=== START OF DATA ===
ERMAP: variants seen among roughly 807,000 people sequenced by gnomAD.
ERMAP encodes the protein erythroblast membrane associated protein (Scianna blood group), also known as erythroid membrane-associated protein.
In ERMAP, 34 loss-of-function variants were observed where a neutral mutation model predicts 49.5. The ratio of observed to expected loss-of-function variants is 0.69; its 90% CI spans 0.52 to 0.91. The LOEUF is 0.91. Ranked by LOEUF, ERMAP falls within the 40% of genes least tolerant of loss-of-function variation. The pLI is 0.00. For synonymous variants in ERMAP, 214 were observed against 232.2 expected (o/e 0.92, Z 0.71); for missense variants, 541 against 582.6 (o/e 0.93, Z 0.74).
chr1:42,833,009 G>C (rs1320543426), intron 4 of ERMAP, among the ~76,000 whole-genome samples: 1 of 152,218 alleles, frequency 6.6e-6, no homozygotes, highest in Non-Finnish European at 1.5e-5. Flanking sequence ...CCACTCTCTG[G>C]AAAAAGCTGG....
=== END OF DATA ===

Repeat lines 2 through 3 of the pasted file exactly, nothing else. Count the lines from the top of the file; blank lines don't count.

ERMAP encodes the protein erythroblast membrane associated protein (Scianna blood group), also known as erythroid membrane-associated protein.
In ERMAP, 34 loss-of-function variants were observed where a neutral mutation model predicts 49.5. The ratio of observed to expected loss-of-function variants is 0.69; its 90% CI spans 0.52 to 0.91. The LOEUF is 0.91. Ranked by LOEUF, ERMAP falls within the 40% of genes least tolerant of loss-of-function variation. The pLI is 0.00. For synonymous variants in ERMAP, 214 were observed against 232.2 expected (o/e 0.92, Z 0.71); for missense variants, 541 against 582.6 (o/e 0.93, Z 0.74).